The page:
Chris and I were lucky enough to turn a negative into a positive and to work through this as responsible individuals. I know many other copying of work stories that have not turned out this well. There were many things working for us in this situation and not against us. I was not out to get Chris, and I know she was not out to get me. We were both willing to look at ourselves and find the role that each of us played in the situation. We were both willing to listen and learn from the other and, most of all, we were both willing to admit our individual mistakes.
Learn more about Jania or to buy her notes, visit www.magicbyjania.com.
Okay, so maybe things you hear you should not automatically assume. Or maybe if you are in a new learning environment, you should do more investigating before you leap into doing anything. I did just that . . . I took a big leap and made a huge mistake. Here is my side of the story . . .
About a year ago, I attended a lecture by Jania Taylor. Her lecture was quite amazing and I was inspired by her. I am not a magician myself, but I am the mother of magician and many of the points of her lecture could be incorporated to help other magicians get gigs. To my delight, she was selling her lecture package. Jania went through all the items in her package and while doing so, she said, “Feel free to use this any way you want to.” I was so impressed with what she had lectured about and knew that I wouldn’t retain everything she had discussed, I decided to purchase her lecture package.
A few months after Jania’s lecture, I was asked to speak to a parents group. I wasn’t sure what I was going to speak about. I remembered the lecture Jania gave about Getting the Gigs and recalled that I had purchased her lecture package. I sat down and jotted down some notes. Then I looked at Jania’s information and saw that she had some wonderful points that I could use and I remember that she said to “use them any way you want to.” So, I used her printed information in my notes of the lecture. I spoke to the parents, but really didn’t use my notes to lecture. I just used them as a reference and the parents joined in on a general discussion on things that they have done to help their children get the gigs. Eugene Burger asked me for a copy of my notes for himself and Jeff McBride. I happily handed them to him. A few weeks later, Jeff asked if it would be okay to publish my notes in The Secret Art Journal. Of course, I was delighted and said yes, no problem. However, there was a problem . . .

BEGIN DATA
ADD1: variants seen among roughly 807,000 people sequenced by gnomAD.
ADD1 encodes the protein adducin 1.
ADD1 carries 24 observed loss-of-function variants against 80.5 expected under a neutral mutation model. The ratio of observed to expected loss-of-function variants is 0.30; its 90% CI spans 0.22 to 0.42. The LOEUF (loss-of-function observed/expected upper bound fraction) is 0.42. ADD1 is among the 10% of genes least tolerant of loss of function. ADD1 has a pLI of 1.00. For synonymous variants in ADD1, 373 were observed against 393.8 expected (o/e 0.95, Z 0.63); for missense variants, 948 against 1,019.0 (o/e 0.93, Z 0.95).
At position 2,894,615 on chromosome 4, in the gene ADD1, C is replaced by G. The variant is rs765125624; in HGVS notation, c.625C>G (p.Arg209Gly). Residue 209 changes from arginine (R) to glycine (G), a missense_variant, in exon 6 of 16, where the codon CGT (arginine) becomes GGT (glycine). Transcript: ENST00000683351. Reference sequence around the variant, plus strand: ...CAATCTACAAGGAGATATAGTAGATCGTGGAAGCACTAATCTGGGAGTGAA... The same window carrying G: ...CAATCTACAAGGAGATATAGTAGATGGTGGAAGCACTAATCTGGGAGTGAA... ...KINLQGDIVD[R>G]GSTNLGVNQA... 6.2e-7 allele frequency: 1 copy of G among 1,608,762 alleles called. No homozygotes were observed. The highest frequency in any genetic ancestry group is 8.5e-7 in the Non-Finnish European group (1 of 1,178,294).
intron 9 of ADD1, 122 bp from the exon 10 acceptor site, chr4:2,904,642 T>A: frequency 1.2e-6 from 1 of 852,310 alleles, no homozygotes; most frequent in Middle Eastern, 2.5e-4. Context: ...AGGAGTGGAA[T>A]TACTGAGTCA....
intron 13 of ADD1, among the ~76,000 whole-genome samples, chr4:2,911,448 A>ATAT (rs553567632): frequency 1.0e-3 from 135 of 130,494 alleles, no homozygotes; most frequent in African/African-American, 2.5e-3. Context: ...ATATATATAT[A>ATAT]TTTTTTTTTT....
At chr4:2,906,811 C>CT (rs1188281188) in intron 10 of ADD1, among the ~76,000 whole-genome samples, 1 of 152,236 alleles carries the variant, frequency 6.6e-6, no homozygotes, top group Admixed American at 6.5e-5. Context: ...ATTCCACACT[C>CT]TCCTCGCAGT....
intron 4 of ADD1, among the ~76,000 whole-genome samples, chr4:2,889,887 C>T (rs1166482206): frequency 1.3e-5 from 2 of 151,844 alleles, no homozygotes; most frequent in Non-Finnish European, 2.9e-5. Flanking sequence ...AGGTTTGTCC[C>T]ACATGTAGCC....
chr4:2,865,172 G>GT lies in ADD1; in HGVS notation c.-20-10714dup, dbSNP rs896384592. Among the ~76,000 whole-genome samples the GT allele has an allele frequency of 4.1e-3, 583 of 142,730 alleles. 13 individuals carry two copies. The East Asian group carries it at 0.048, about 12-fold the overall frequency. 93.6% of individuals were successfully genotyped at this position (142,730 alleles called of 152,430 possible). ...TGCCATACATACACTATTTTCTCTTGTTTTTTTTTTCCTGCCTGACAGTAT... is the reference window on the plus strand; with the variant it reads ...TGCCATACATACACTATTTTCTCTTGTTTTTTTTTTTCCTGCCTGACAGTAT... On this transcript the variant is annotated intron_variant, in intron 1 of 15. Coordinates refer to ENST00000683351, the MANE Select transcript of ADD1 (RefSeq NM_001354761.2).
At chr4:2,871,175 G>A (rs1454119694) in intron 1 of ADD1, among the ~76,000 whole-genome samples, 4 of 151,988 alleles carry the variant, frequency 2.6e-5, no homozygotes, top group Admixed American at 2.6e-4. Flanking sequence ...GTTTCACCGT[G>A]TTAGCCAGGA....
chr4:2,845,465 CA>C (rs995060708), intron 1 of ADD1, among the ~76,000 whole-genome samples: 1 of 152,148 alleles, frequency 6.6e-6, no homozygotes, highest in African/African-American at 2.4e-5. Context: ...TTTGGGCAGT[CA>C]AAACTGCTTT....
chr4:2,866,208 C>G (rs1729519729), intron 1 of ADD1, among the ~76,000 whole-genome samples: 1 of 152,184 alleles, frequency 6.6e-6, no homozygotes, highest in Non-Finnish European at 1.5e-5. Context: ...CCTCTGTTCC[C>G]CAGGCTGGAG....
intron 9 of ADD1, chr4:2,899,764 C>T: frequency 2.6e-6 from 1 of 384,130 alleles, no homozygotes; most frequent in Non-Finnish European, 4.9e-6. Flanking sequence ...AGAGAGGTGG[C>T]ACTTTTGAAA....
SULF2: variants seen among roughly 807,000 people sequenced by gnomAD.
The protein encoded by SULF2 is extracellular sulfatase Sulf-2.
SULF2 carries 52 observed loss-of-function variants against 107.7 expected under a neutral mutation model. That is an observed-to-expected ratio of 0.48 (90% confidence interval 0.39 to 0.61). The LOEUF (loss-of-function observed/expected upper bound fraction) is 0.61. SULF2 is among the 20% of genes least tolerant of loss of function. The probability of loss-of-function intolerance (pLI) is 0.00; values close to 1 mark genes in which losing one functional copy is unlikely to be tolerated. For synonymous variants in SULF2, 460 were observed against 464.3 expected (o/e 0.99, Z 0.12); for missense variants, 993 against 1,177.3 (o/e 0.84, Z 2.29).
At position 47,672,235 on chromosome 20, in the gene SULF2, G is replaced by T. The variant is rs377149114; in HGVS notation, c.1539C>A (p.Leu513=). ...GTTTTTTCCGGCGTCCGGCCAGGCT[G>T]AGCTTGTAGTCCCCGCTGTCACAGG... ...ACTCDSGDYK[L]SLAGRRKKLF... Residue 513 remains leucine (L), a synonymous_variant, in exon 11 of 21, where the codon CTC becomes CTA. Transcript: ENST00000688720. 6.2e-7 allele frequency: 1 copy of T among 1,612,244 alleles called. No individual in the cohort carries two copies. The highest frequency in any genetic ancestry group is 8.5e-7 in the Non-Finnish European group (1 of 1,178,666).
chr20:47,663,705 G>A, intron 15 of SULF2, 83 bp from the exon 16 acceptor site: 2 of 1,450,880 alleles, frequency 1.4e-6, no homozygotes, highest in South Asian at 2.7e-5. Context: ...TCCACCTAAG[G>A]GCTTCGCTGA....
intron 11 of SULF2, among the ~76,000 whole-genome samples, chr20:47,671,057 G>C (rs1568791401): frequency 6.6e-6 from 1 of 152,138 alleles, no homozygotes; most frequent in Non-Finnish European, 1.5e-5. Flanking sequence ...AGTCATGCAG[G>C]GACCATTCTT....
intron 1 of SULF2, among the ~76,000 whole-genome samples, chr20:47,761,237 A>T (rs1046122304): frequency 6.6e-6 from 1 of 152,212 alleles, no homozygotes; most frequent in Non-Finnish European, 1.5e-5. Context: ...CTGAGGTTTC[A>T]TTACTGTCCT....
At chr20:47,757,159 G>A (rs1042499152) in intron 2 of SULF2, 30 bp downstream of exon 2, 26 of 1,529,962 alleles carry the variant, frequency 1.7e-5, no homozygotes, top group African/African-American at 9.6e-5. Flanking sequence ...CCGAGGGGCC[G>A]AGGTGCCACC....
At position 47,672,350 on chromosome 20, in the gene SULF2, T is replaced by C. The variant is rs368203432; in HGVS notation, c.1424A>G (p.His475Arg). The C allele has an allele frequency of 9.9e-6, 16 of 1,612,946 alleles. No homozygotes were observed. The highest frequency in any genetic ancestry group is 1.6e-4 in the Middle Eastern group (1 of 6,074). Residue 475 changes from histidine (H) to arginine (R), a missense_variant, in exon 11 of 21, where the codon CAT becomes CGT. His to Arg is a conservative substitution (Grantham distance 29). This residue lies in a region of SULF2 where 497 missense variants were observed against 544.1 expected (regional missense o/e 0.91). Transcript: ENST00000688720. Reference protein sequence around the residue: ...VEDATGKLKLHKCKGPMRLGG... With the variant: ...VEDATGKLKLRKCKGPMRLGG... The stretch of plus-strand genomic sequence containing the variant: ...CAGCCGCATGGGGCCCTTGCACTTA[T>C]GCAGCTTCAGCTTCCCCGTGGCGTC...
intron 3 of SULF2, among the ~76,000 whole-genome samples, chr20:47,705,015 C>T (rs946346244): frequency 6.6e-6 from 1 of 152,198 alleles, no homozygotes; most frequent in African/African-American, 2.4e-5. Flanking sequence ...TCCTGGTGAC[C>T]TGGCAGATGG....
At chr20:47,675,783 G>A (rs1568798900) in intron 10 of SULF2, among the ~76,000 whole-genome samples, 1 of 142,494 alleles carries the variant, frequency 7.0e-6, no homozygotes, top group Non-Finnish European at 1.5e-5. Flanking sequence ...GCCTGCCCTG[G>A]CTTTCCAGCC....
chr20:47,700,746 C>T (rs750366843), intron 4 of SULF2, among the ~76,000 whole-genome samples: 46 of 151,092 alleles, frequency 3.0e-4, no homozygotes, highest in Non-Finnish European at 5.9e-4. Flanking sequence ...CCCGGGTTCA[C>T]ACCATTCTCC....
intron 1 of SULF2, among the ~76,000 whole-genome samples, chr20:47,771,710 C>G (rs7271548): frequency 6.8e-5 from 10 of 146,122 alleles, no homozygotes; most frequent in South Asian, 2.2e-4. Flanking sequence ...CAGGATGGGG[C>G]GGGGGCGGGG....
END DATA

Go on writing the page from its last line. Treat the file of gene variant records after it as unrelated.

Jania Taylor read my article and was appalled. She saw that I had used quite a bit of her information in my article. I didn’t understand why she was upset. Afterall, she said during her lecture that if we bought her lecture package, we could “use this any way you want to.” Big mistake! She meant that anyone who wanted to buy the package could use her handouts any way that we wanted to-NOT her lecture notes.
This was a learning experience on both of our parts. I learned that you have to find out exactly what the person means when they say use it any way you want and not to copy someone else’s material. Jania learned to be more specific when she says, “feel free to use this any way you want to.”
I totally understand now that Jania was very upset with me and I didn’t understand why. I know now and have learned from my mistake. Jania has learned from hers as well. Jania and I talked and decided to take a negative experience and turn it into a positive experience for both of us. We have decided to collaborate an article about our experience and hopefully others will learn by our mistakes.